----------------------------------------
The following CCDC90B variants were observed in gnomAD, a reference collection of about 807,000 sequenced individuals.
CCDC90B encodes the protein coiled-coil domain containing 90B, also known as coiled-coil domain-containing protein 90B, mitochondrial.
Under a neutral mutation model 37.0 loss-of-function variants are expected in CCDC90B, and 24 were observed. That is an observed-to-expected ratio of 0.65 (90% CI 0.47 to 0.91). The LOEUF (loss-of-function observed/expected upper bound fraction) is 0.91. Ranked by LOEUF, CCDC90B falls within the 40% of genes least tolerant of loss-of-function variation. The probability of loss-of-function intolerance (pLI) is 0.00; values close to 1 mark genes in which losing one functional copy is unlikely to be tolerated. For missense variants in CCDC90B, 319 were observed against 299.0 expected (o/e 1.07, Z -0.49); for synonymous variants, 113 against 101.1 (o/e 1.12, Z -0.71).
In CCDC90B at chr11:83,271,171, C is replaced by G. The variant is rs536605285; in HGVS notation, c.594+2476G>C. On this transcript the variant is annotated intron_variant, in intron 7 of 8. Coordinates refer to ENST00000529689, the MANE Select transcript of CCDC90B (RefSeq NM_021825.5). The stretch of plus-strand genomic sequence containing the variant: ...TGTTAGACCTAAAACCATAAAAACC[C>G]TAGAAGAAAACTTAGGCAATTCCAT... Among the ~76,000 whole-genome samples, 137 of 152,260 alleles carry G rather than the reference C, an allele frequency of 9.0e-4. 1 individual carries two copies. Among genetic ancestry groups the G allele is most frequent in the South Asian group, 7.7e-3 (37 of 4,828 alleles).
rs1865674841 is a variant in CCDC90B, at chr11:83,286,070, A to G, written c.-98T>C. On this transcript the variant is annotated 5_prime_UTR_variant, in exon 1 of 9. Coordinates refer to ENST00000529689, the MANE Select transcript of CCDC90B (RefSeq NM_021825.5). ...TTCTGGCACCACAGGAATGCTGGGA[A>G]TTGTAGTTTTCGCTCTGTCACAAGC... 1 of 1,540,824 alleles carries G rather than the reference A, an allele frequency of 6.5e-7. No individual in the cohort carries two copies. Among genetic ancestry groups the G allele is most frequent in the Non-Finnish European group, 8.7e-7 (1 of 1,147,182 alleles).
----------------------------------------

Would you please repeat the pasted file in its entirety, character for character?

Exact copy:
The following CCDC90B variants were observed in gnomAD, a reference collection of about 807,000 sequenced individuals.
CCDC90B encodes the protein coiled-coil domain containing 90B, also known as coiled-coil domain-containing protein 90B, mitochondrial.
Under a neutral mutation model 37.0 loss-of-function variants are expected in CCDC90B, and 24 were observed. That is an observed-to-expected ratio of 0.65 (90% CI 0.47 to 0.91). The LOEUF (loss-of-function observed/expected upper bound fraction) is 0.91. Ranked by LOEUF, CCDC90B falls within the 40% of genes least tolerant of loss-of-function variation. The probability of loss-of-function intolerance (pLI) is 0.00; values close to 1 mark genes in which losing one functional copy is unlikely to be tolerated. For missense variants in CCDC90B, 319 were observed against 299.0 expected (o/e 1.07, Z -0.49); for synonymous variants, 113 against 101.1 (o/e 1.12, Z -0.71).
In CCDC90B at chr11:83,271,171, C is replaced by G. The variant is rs536605285; in HGVS notation, c.594+2476G>C. On this transcript the variant is annotated intron_variant, in intron 7 of 8. Coordinates refer to ENST00000529689, the MANE Select transcript of CCDC90B (RefSeq NM_021825.5). The stretch of plus-strand genomic sequence containing the variant: ...TGTTAGACCTAAAACCATAAAAACC[C>G]TAGAAGAAAACTTAGGCAATTCCAT... Among the ~76,000 whole-genome samples, 137 of 152,260 alleles carry G rather than the reference C, an allele frequency of 9.0e-4. 1 individual carries two copies. Among genetic ancestry groups the G allele is most frequent in the South Asian group, 7.7e-3 (37 of 4,828 alleles).
rs1865674841 is a variant in CCDC90B, at chr11:83,286,070, A to G, written c.-98T>C. On this transcript the variant is annotated 5_prime_UTR_variant, in exon 1 of 9. Coordinates refer to ENST00000529689, the MANE Select transcript of CCDC90B (RefSeq NM_021825.5). ...TTCTGGCACCACAGGAATGCTGGGA[A>G]TTGTAGTTTTCGCTCTGTCACAAGC... 1 of 1,540,824 alleles carries G rather than the reference A, an allele frequency of 6.5e-7. No individual in the cohort carries two copies. Among genetic ancestry groups the G allele is most frequent in the Non-Finnish European group, 8.7e-7 (1 of 1,147,182 alleles).